At a video-streaming event on Thursday, Japanese gaming giant Nintendo announced plans to release an anthology of titles in the Kirby series for the Wii console to celebrate the pink puffball’s 20th anniversary. The collection will include Kirby’s Dream Land, Kirby’s Dream Land 2 (both originally for the Game Boy, Nintendo’s first handheld system), Kirby Super Star, Kirby’s Dream Land 3 (both originally for the Super Nintendo, the company’s second home console), Kirby’s Adventure (originally for the Nintendo Entertainment System, Nintendo’s first system), and Kirby 64: The Crystal Shards (originally for the Nintendo 64, the Super Nintendo’s successor).
While these are all excellent games, a lot of gems from the franchise’s past are missing from the list. Some of them may not be as conventional as those traditional 2D platformers, but no true celebration of Kirby would be complete without these titles.
Kirby’s Dream Course
What happens when you combine Kirby’s signature ability to copy his foes’ moves with golf? Yes, I know those two things may have nothing to do with each other, but the result is Kirby’s Dream Course, one of the most creative titles released for the Super Nintendo.
Just like with real golf, the goal is to get Kirby (conveniently in the shape of a ball) into a hole in as few turns as possible. Of course, unlike in the real sport, you need to defeat every enemy on the course before the goal will appear. I’m also pretty sure Tiger Woods could never make his ball turn into a rock midair.
Once upon a time, there was a popular puzzle game in Japan called Puyo Puyo. It was like Tetris in that things fell from the top of the screen and collected on the bottom, but, while the goal in Tetris was to create complete rows of blocks, the object of Puyo Puyo was to make a chain of same-colored blobs.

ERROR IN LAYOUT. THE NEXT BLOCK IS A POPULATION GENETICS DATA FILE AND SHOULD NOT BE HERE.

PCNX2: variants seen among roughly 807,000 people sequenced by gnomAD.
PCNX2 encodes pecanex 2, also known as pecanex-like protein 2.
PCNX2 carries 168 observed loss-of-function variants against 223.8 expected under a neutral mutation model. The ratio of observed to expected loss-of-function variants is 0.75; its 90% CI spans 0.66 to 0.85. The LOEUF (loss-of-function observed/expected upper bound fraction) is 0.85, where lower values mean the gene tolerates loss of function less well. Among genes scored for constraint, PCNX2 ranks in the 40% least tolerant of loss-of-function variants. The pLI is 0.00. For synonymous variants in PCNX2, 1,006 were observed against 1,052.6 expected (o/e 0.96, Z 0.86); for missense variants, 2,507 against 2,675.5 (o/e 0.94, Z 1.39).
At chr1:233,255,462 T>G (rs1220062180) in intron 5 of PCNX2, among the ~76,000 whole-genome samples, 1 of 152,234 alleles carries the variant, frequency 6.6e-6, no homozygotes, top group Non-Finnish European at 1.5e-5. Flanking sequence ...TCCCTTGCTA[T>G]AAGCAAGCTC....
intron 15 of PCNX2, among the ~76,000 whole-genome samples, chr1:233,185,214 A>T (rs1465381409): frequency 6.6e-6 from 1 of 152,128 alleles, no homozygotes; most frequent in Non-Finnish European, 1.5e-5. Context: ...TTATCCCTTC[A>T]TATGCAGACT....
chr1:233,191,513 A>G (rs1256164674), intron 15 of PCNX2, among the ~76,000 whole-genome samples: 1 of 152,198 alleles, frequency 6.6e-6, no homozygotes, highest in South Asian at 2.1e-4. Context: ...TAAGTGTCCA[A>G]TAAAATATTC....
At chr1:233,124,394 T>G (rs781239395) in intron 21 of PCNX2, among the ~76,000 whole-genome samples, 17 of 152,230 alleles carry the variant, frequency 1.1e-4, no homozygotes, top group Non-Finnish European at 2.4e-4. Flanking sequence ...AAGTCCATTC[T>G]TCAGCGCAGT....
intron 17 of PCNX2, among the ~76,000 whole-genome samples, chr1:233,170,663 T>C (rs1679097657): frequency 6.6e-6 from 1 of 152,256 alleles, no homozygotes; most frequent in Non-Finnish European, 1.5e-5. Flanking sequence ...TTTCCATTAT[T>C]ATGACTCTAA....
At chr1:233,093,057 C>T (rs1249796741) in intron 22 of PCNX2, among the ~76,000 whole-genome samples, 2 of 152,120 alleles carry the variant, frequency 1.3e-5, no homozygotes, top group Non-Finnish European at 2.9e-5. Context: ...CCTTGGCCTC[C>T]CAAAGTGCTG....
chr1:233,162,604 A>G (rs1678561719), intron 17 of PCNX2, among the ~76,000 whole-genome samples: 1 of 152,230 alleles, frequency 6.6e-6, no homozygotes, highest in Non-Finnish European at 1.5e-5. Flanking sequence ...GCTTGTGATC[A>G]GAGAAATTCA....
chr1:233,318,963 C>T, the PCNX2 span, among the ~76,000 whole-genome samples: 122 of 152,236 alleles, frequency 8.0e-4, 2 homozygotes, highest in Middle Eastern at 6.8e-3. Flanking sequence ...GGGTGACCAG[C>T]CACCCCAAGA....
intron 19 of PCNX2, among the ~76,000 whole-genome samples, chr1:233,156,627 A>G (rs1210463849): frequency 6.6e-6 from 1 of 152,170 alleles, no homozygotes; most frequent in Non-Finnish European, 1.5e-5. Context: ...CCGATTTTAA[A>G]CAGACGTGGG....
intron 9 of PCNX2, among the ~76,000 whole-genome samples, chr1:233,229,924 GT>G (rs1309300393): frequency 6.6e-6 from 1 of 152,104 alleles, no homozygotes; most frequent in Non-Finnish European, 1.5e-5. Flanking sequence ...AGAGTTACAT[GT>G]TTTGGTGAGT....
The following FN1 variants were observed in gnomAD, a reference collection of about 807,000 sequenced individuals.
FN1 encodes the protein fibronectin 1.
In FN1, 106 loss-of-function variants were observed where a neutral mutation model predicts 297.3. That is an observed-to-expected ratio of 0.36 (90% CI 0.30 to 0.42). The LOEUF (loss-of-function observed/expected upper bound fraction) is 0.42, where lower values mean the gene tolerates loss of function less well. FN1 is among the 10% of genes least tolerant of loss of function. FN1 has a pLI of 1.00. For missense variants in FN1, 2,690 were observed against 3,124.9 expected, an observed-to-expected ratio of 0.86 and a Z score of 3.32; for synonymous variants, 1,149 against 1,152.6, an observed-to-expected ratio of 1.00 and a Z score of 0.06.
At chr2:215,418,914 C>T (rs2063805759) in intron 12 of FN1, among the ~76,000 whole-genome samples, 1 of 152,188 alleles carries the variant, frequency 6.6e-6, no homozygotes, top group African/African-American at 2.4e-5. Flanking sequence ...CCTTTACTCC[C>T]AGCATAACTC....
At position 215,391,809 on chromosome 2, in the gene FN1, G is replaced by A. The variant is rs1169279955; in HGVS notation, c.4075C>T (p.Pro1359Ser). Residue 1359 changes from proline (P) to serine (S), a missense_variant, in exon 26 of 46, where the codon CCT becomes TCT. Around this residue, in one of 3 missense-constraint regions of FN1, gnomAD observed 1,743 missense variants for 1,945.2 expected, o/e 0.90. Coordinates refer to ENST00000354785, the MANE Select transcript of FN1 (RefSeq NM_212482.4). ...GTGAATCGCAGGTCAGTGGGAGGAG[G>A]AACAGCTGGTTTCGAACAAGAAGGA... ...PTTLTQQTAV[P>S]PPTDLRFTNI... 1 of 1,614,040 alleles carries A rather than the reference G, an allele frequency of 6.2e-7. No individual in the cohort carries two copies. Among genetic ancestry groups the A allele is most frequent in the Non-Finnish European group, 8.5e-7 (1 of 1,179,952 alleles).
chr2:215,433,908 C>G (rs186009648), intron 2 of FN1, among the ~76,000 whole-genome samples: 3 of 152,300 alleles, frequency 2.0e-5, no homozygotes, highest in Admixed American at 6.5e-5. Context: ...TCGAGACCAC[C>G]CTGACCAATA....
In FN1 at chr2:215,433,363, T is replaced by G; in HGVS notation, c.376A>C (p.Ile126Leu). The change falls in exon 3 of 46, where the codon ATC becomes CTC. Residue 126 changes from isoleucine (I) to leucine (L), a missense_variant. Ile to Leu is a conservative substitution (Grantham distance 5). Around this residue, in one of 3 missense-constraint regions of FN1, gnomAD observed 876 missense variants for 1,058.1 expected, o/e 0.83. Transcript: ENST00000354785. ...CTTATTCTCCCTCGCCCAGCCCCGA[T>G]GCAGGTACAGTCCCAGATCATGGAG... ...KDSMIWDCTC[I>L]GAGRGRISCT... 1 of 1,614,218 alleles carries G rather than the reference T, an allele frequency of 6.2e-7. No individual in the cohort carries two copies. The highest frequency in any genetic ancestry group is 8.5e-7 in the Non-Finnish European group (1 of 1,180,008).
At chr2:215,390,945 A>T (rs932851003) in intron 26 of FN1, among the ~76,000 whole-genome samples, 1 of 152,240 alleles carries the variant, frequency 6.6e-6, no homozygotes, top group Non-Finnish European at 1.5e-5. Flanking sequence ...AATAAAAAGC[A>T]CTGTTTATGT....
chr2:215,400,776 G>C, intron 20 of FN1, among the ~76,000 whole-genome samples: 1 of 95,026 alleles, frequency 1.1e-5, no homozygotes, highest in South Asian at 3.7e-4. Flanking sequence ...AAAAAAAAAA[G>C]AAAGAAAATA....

The game was fun, but (as you can guess from the name) it was also very Japanese. When it was brought to the U.S., developers inserted characters that a Western audience would be familiar with to help sales. Sega’s Genesis console got Dr. Robotnik’s Mean Bean Machine, with the cast from the company’s flagship Sonic the Hedgehog series. The Super Nintendo got Kirby’s Avalanche. As expected, it was Puyo Puyo with Kirby characters. And it was great.
Kirby’s Pinball Land
The first Kirby title released after the original Kirby’s Dream Land was actually Kirby’s Pinball Land, another game for Nintendo’s first handheld system, the Game Boy. In case you couldn’t guess from the name, it crossed Kirby with pinball.
That concept may not sound very inspiring, but the best part of Kirby’s Pinball Land was fighting all of the bosses, from that big tree with the face that seems to be in every game in the series through King Deedeedee, Kirby’s arch enemy.
The title was the first in a long line of quirky and unique spin-offs in the franchise and would inspire other gaming-themed takes on pinball for portable systems (like the Game Boy Color’s Pokémon Pinball and the Nintendo DS’ Metroid Prime Pinball).
Kirby’s Canvas Curse
Nintendo’s DS handheld featured a much-hyped touchscreen, but we never really saw it put to good use until Kirby’s Canvas Curse, one of the earliest games released for the dual-screened system. Instead of controlling the pink puffball with conventional buttons, players drew lines (raindbow lines, the best kind) that Kirby rolled on.
Canvas Curse remains one of the best examples of a traditional platformer taken to new heights thanks to innovative controls. While re-releasing the title for the Wii would mean players would lose the touchscreen, the ability to draw in the game’s world could easily be replicated with the Wii motion controller.
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